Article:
During the observation period, administration of nitrous oxide or nitrogen was continued. Brain surface temperature was maintained at 37.0° ± 0.5°C with a gentle flow of warmed saline (38.0° ± 0.5°C, monitored and controlled) into a polyethylene cylinder (5 mm in height, 13 mm in ID) placed on the skull surface. Rectal temperature was maintained with a heated-water blanket and an infrared lamp at 37.0° ± 0.5°C. Because Kuroiwa et al.17 reported that the possibility of neuronal death caused by postischemic hyperthermia could be excluded by maintenance of normothermia after 85 min after reperfusion, brain surface and rectal temperatures were controlled from 30 min before the ischemia to 90 min after the reperfusion.
After a 5-day survival period, all animals were anesthetized with 4% halothane in oxygen and perfused with heparinized physiologic saline (20 U/ml) and 6% paraformaldehyde in 0.1 m phosphate buffer (pH 7.4). The areas in which DC potential had been recorded were marked by using a 27-gauge needle with blue ink on the tip of the needle before enucleating the brains. After brain removal and paraffin embedding, tissue including the bilateral hippocampal CA1 regions (the area marked with blue ink) was sectioned coronally (5 μm in thickness). The sections were stained with hematoxylin and eosin. The number of injured pyramidal neurons in the bilateral hippocampal CA1 regions was counted by an observer who was blinded to this study. The areas in which DC potential had been recorded were identified by finding the ink spot or the mark made with the needle with 40-power magnification. The area was enlarged to 400-power magnification, and the numbers of both damaged and intact pyramidal neurons in bilateral hippocampal CA1 regions were counted. The percentages of neuronal damage in the two groups were calculated as damaged neurons/total neurons × 100 in the visual field. In the current study, pyramidal neurons showing aggregated chromatin in the nucleus, shrinkage, or eosinophilic staining in the cytoplasm were considered to be injured.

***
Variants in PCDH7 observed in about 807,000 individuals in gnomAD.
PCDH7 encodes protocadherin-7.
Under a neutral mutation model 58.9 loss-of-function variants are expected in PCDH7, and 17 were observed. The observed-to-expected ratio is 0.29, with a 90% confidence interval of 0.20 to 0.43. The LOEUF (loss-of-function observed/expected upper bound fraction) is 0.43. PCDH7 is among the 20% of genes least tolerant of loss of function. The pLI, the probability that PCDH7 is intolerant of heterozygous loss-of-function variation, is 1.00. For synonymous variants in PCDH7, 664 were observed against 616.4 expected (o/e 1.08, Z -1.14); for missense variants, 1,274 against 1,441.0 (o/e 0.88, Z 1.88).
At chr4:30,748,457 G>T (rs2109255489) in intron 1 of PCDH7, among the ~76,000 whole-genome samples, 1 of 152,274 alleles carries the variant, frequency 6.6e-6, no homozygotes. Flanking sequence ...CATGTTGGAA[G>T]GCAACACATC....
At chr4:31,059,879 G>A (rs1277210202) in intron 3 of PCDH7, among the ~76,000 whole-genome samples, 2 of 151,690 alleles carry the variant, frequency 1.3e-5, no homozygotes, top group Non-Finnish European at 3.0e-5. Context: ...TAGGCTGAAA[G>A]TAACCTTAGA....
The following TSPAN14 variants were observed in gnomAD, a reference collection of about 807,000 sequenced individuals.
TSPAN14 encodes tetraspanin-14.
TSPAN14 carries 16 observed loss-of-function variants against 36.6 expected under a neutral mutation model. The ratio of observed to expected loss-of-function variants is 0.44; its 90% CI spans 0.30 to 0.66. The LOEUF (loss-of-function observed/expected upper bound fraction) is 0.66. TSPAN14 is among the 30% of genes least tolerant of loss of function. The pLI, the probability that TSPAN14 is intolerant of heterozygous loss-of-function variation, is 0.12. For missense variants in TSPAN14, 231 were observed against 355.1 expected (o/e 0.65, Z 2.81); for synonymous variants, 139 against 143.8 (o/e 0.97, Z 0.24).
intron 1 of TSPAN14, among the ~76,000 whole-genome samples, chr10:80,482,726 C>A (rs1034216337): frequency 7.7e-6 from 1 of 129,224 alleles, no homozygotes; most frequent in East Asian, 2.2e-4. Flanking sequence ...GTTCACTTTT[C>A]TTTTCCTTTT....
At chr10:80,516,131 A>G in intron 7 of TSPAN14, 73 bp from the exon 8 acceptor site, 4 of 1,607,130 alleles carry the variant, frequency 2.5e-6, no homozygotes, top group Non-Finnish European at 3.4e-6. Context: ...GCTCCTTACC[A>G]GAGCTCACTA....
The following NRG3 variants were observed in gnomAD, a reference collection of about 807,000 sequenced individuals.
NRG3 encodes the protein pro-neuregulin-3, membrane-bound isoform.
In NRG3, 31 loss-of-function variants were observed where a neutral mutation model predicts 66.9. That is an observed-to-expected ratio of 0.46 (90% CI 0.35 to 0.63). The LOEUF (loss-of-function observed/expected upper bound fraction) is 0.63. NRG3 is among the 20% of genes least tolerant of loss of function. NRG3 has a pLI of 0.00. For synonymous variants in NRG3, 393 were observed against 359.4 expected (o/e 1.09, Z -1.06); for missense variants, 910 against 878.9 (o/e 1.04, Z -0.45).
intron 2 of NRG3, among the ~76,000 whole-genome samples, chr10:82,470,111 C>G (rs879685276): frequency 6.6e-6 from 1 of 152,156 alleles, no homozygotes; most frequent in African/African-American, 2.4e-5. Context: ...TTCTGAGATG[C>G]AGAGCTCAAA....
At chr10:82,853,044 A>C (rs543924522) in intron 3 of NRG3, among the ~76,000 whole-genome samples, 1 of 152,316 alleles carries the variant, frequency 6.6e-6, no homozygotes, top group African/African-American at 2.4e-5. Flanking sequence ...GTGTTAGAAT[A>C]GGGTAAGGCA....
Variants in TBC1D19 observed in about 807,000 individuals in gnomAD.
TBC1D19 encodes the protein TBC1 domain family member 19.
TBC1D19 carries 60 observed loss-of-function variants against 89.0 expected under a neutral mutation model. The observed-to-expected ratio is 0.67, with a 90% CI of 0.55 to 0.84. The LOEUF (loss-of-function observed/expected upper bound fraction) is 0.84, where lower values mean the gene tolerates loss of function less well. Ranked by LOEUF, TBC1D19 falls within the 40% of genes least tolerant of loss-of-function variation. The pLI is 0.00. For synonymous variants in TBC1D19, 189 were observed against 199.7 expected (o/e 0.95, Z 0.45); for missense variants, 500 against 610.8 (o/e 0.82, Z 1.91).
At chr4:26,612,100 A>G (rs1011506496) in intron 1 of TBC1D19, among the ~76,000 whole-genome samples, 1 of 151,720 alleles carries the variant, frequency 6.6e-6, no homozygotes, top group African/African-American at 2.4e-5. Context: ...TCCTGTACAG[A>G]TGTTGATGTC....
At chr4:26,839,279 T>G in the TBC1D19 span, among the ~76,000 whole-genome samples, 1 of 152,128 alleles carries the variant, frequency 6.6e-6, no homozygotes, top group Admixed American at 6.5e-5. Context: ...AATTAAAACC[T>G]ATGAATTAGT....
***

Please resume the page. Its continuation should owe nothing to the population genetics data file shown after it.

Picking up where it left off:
Dose–reaction curves evaluating acute drug toxicity in toxicology are usually expressed by the use of probit curves. In the current study, the relations of neuronal damage with ischemic duration and duration of ischemic depolarization were determined by logistic regression curves (probit curves) as dose–reaction curves. Ischemic duration or duration of ischemic depolarization was represented on the x-axis, and neuronal damage was represented on the y-axis. The y-axis was converted to probit transformation, and regression lines in the two groups were drawn. At the same time, 95% confidence intervals were also drawn. Finally, the y-axis was returned to percent change. These regression curves were drawn by using data-analysis software (Origin Pro 7.5J; OriginLab Corporation, Northampton, MA). A probit curve, which expresses the probability of occurrence, is used to search for the median lethal dose in toxicology. Therefore, in this study, ischemic durations necessary for causing 50% neuronal damage (P50-ischemia) in both groups were determined from logistic regression curves.